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Development and validation of an automated basal cell carcinoma histopathology information extraction system using natural language processing

Stephen Ali, Huw Strafford, Thomas Dobbs, Beata Fonferko-Shadrach, Arron Lacey, Owen Pickrell Orcid Logo, Hayley Hutchings Orcid Logo, Iain Whitaker

Frontiers in Surgery

Swansea University Authors: Stephen Ali, Huw Strafford, Thomas Dobbs, Beata Fonferko-Shadrach, Arron Lacey, Owen Pickrell Orcid Logo, Hayley Hutchings Orcid Logo, Iain Whitaker

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DOI (Published version): 10.3389/fsurg.2022.870494

Abstract

IntroductionRoutinely collected healthcare data are a powerful research resource, but often lack detailed disease-specific information that is collected in clinical free text such as histopathology reports. We aim to use Natural Language Processing (NLP) techniques to extract detailed clinical and p...

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Published in: Frontiers in Surgery
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Online Access: https://www.frontiersin.org/articles/10.3389/fsurg.2022.870494/abstract
URI: https://cronfa.swan.ac.uk/Record/cronfa60444
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Abstract: IntroductionRoutinely collected healthcare data are a powerful research resource, but often lack detailed disease-specific information that is collected in clinical free text such as histopathology reports. We aim to use Natural Language Processing (NLP) techniques to extract detailed clinical and pathological information from histopathology reports to enrich routinely collected data.MethodsWe used the general architecture for text engineering (GATE) framework to build an NLP information extraction system using rule-based techniques. During validation we deployed our rule-based NLP pipeline on 200 previously unseen, de-identified and pseudonymised BCC histopathological reports from Swansea Bay University Health Board, Wales, UK. Results of our algorithm were compared to gold standard human abstraction by two independent and blinded expert clinicians involved in skin cancer care.ResultsWe identified 11,224 items of information with a mean precision, recall and F1 score of 86.0% (95% CI 75.1-96.9), 84.2% (95% CI 72.8-96.1) and 84.5% (95% CI 73.0-95.1) respectively. The difference between clinician annotator F1 scores was 7.9% in comparison to 15.5% between the NLP pipeline and the gold standard corpus. Cohen's Kappa score on annotated tokens was 0.85.ConclusionUsing an NLP rule-based approach for NER in BCC we have been able to develop and validate a pipeline with a potential application in improving cancer registry data, service planning and enhancing the quality of routinely collected data for research.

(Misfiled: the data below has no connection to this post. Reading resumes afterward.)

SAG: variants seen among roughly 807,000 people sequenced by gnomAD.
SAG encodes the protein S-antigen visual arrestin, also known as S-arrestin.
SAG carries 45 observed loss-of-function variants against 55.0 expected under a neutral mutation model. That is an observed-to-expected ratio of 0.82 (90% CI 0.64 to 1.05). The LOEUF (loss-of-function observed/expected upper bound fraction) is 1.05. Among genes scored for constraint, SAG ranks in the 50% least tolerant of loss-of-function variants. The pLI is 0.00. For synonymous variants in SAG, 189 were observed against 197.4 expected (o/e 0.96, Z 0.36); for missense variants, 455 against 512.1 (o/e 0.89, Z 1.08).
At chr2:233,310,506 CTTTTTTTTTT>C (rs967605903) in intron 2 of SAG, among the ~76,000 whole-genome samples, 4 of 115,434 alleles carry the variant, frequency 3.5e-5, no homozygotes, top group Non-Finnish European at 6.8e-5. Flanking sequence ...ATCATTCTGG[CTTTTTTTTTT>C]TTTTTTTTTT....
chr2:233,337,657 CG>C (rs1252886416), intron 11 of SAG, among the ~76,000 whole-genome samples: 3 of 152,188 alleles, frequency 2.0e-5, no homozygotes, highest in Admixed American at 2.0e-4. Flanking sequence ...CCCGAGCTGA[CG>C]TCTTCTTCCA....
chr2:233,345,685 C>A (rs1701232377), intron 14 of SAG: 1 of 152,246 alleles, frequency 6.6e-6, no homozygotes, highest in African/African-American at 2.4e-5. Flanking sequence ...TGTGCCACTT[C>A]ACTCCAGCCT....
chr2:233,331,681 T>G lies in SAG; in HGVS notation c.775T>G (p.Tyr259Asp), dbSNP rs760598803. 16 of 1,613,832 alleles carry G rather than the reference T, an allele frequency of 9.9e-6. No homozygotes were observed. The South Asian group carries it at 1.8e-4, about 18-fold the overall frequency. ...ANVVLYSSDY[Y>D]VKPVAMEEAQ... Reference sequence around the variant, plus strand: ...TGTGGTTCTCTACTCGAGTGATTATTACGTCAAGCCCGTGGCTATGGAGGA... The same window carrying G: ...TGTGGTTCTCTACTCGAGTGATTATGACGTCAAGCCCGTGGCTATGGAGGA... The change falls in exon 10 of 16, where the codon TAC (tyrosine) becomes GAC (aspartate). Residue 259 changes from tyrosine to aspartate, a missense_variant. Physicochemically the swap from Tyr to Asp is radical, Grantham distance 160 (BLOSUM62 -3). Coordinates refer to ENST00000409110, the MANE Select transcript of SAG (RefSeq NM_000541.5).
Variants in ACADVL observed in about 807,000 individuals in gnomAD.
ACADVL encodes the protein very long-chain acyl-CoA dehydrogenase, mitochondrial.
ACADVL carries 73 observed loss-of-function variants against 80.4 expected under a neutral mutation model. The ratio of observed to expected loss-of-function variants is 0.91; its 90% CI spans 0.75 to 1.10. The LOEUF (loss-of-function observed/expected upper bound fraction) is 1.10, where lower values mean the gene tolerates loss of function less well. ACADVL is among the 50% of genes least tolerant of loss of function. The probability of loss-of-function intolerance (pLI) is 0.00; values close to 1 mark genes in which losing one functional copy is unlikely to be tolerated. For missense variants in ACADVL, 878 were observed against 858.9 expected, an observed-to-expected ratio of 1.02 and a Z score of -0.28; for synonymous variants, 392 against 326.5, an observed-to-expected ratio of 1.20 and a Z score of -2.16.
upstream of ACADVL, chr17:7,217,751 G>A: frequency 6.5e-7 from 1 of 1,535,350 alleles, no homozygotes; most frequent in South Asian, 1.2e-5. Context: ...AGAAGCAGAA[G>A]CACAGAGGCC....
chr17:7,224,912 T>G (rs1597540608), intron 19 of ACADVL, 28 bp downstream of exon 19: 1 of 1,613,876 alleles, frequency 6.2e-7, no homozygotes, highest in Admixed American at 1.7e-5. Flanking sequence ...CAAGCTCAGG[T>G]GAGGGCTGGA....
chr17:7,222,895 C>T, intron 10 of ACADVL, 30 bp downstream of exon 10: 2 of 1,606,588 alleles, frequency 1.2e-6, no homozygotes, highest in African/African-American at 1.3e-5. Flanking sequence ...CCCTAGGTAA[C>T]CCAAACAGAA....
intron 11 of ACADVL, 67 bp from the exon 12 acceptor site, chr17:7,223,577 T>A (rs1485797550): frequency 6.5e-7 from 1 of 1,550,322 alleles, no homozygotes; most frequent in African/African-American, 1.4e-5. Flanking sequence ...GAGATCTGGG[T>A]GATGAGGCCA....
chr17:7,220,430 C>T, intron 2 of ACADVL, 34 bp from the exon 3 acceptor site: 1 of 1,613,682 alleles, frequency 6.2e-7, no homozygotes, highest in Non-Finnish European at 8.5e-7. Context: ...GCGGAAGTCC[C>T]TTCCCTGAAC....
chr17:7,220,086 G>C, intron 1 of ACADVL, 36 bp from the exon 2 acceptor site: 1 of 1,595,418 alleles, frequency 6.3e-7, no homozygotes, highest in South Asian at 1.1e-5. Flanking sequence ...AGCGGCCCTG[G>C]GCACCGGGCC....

College: Swansea University Medical School